Trinity 18

‘Let the little children come to me; do not stop them; for it is to such as these that the kingdom of God belongs’. In Matthew’s Gospel (18.3) we hear the words: ‘Truly I tell you, unless you change and become like children, you will never enter the kingdom of heaven’.

Jesus consistently challenges cultural norms – in this case, where those of no social status are included in Jesus’ kingdom. Jesus consistently values and welcomes the presence of children. But what does he mean about changing and becoming like children. There is one thing that’s worth making absolutely clear: whilst we are to become child-like we are not encouraged to become childish. Other passages from scripture encourage us to have a mature, grown up faith, a faith that can handle meat and not just milk.

Some of us from church went to see the play entitled The Christians at The Gate theatre a couple of weeks ago. It’s about an American Pastor, Paul, who has grown his congregation from a dozen people into a megachurch, including a baptismal font as big as a swimming pool, a huge parking lot, coffee shops, offices and with a building bigger than a cathedral. It’s a special day in the church’s life, because they have cleared their debt, and we hear the sermon that marks the occasion. But, unexpectedly, Pastor Paul uses the sermon to announce that he does not believe in hell. He believes that the death and resurrection of Jesus have saved every human being, and that heaven is the destiny not only of Christians, but of those of other religions or no faith at all. Pastor Paul is distressed by the doctrine that unbaptized non-Christians – even the most saintly amongst them – must be tossed into the fiery pits of hell, he comes to the conclusion that there is no hell. At least, not in the literal sense of biblical teachings. ‘Satan’ can refer to humanity itself, in all its cruelty. We ourselves are the ‘devils’ who torment one another with acts of inhumanity every day. As for Hell, the Pastor’s God tells him:  “You wanna see Hell? You look around,” and look no further than that mass of humanity. “They are in Hell.” The sermon was like a bombshell dropping on the congregation.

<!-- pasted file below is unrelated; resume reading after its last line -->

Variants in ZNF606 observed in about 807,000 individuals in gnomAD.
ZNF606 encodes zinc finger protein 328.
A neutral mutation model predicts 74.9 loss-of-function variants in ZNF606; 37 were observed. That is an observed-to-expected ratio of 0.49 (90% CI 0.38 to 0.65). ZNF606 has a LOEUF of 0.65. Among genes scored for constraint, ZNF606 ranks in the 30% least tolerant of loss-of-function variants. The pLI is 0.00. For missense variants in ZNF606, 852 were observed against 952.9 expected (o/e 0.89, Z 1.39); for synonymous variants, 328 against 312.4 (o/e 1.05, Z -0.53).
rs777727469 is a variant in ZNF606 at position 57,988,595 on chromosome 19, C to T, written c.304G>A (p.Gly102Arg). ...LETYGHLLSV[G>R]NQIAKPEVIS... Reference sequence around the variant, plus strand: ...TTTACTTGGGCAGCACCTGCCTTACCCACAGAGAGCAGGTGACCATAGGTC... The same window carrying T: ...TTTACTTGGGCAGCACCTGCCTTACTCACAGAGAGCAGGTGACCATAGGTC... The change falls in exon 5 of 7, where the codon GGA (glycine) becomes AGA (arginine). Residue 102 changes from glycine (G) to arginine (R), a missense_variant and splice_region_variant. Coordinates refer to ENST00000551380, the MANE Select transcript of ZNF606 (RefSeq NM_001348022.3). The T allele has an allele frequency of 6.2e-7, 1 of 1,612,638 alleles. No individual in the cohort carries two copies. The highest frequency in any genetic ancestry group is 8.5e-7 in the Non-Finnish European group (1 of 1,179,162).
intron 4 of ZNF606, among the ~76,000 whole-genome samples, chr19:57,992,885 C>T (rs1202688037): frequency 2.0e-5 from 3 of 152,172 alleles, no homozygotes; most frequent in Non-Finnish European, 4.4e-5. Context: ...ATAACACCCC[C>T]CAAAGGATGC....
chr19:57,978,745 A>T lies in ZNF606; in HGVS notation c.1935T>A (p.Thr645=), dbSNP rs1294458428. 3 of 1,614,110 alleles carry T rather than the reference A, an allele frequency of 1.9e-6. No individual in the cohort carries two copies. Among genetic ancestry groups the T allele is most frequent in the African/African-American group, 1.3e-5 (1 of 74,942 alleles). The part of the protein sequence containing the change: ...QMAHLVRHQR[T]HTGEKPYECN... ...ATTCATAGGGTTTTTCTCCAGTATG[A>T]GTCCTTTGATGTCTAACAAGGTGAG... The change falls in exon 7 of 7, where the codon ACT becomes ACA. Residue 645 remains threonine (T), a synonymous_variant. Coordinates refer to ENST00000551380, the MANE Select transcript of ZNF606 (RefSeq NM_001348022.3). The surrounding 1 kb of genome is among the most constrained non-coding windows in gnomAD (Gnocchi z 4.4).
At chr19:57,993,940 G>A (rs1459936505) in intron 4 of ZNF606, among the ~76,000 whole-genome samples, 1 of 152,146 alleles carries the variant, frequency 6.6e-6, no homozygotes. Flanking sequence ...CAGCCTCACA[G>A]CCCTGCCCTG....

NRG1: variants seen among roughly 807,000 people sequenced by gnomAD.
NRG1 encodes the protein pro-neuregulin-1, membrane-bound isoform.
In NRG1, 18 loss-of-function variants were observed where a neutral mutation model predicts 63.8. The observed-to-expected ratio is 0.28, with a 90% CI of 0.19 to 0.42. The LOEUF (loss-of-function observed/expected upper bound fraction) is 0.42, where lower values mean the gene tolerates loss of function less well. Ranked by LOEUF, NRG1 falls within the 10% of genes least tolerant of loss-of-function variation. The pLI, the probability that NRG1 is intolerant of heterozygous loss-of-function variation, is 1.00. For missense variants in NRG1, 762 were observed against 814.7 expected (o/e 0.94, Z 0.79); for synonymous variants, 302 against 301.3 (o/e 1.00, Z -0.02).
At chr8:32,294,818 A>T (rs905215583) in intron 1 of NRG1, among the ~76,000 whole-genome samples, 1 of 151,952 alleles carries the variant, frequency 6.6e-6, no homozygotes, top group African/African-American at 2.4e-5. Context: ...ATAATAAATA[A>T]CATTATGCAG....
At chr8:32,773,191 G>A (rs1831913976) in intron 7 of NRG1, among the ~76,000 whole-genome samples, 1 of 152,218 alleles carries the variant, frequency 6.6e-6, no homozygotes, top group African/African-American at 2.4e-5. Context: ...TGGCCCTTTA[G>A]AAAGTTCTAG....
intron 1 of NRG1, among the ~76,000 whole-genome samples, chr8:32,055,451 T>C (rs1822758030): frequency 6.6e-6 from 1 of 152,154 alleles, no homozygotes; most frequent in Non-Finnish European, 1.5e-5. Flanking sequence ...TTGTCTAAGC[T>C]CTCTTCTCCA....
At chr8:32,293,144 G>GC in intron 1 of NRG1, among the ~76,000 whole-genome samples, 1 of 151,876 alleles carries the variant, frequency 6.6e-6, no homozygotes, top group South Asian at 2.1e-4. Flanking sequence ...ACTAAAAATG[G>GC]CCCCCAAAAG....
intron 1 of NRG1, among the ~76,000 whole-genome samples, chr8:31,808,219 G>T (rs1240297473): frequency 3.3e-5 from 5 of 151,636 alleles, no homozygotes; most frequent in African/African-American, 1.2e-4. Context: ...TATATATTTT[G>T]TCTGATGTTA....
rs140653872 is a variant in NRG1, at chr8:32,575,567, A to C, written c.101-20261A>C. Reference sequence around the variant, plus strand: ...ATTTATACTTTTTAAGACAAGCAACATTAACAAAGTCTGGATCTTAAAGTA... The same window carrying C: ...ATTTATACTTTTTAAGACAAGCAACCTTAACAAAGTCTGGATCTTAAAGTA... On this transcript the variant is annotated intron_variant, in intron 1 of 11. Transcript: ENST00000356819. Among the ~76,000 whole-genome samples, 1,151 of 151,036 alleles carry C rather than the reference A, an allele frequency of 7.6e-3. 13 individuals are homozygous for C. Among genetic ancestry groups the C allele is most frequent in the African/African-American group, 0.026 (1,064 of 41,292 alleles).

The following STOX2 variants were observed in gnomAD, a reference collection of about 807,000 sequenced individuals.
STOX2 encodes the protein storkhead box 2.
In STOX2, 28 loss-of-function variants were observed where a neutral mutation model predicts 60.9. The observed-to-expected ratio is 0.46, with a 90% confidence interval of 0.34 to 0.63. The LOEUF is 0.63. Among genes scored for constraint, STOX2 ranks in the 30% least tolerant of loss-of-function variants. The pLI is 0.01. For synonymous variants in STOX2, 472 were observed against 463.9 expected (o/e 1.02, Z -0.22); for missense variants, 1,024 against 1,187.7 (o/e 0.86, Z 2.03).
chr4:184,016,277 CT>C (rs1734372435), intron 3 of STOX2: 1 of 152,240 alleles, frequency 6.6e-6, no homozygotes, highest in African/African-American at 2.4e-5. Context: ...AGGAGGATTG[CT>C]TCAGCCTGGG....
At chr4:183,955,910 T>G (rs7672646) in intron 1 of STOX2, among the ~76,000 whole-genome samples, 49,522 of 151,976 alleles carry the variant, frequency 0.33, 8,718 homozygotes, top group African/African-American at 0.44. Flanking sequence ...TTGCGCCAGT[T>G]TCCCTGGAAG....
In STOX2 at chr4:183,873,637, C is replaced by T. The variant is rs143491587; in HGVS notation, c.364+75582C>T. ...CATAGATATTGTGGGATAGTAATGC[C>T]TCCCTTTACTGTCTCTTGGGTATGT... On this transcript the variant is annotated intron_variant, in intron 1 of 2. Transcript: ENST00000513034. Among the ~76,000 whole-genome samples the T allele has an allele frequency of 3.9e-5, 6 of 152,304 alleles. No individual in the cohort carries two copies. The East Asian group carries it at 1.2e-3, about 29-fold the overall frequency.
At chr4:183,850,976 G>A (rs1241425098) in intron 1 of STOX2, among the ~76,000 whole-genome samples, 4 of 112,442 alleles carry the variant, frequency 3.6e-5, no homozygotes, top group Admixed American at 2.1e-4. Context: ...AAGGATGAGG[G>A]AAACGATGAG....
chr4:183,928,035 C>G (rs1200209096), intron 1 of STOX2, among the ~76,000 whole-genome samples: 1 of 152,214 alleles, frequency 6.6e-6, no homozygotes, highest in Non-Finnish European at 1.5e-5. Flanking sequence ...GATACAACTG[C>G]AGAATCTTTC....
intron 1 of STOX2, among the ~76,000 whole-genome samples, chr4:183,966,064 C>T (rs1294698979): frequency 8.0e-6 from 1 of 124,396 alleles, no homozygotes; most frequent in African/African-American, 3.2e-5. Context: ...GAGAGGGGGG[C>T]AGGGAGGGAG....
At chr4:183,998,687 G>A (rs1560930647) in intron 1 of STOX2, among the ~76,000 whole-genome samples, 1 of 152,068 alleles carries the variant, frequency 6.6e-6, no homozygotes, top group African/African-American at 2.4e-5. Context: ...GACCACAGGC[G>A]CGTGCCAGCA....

The associate pastor cannot understand why he is being asked to change the beliefs that first captivated him and, after a vote, leaves to start a rival church. Over the course of the next hour, as various conversations are had, increasing numbers of the congregation leave Paul’s church and join the associate pastor.
A choir member voices her concerns: Why is Paul suggesting that the Bible doesn’t say what it appears to say? Does universal salvation apply even to Hitler? Why didn’t he mention that he believed this previously? Was he waiting until the church’s finances were secure? After this dialogue it is rather shocking to see the whole choir leave the stage, leaving just Pastor Paul and his wife. The play ends open-ended with the pastor rather shell shocked and his wife with her bags packed ready to leave him.

The play has many facets to it. It’s about power; it’s about the big questions of salvation and grace; it’s about what we do with those who hold different and opposing views to ours. What’s done very well in the play is that neither side is caricatured – it would have been all too easy to portray the kindly liberal on one side and, on the other, the fire-breathing fundamentalist. But this wasn’t done.